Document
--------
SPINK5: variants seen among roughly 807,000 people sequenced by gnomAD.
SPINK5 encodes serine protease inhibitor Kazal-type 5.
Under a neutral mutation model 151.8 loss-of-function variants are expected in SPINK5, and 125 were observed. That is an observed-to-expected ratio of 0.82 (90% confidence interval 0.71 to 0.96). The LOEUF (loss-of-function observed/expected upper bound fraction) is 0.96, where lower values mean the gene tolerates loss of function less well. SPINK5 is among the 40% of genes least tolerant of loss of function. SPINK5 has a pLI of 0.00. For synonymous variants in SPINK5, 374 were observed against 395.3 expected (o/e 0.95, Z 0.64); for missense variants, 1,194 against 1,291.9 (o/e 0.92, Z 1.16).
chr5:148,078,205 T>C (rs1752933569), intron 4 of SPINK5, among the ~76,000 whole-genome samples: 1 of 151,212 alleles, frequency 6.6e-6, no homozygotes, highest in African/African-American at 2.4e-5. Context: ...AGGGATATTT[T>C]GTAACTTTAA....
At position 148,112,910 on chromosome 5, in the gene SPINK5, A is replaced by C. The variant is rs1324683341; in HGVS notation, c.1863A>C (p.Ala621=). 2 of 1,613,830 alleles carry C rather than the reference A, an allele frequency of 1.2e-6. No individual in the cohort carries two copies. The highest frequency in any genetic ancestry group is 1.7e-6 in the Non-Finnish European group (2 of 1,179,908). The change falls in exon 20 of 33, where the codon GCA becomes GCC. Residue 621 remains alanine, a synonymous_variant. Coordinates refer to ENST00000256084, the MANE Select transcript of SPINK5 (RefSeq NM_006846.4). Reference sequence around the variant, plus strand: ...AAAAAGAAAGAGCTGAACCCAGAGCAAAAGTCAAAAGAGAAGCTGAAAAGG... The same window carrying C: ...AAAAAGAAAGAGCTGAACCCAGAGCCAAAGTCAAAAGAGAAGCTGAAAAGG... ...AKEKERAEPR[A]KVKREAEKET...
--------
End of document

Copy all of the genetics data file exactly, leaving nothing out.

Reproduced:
SPINK5: variants seen among roughly 807,000 people sequenced by gnomAD.
SPINK5 encodes serine protease inhibitor Kazal-type 5.
Under a neutral mutation model 151.8 loss-of-function variants are expected in SPINK5, and 125 were observed. That is an observed-to-expected ratio of 0.82 (90% confidence interval 0.71 to 0.96). The LOEUF (loss-of-function observed/expected upper bound fraction) is 0.96, where lower values mean the gene tolerates loss of function less well. SPINK5 is among the 40% of genes least tolerant of loss of function. SPINK5 has a pLI of 0.00. For synonymous variants in SPINK5, 374 were observed against 395.3 expected (o/e 0.95, Z 0.64); for missense variants, 1,194 against 1,291.9 (o/e 0.92, Z 1.16).
chr5:148,078,205 T>C (rs1752933569), intron 4 of SPINK5, among the ~76,000 whole-genome samples: 1 of 151,212 alleles, frequency 6.6e-6, no homozygotes, highest in African/African-American at 2.4e-5. Context: ...AGGGATATTT[T>C]GTAACTTTAA....
At position 148,112,910 on chromosome 5, in the gene SPINK5, A is replaced by C. The variant is rs1324683341; in HGVS notation, c.1863A>C (p.Ala621=). 2 of 1,613,830 alleles carry C rather than the reference A, an allele frequency of 1.2e-6. No individual in the cohort carries two copies. The highest frequency in any genetic ancestry group is 1.7e-6 in the Non-Finnish European group (2 of 1,179,908). The change falls in exon 20 of 33, where the codon GCA becomes GCC. Residue 621 remains alanine, a synonymous_variant. Coordinates refer to ENST00000256084, the MANE Select transcript of SPINK5 (RefSeq NM_006846.4). Reference sequence around the variant, plus strand: ...AAAAAGAAAGAGCTGAACCCAGAGCAAAAGTCAAAAGAGAAGCTGAAAAGG... The same window carrying C: ...AAAAAGAAAGAGCTGAACCCAGAGCCAAAGTCAAAAGAGAAGCTGAAAAGG... ...AKEKERAEPR[A]KVKREAEKET...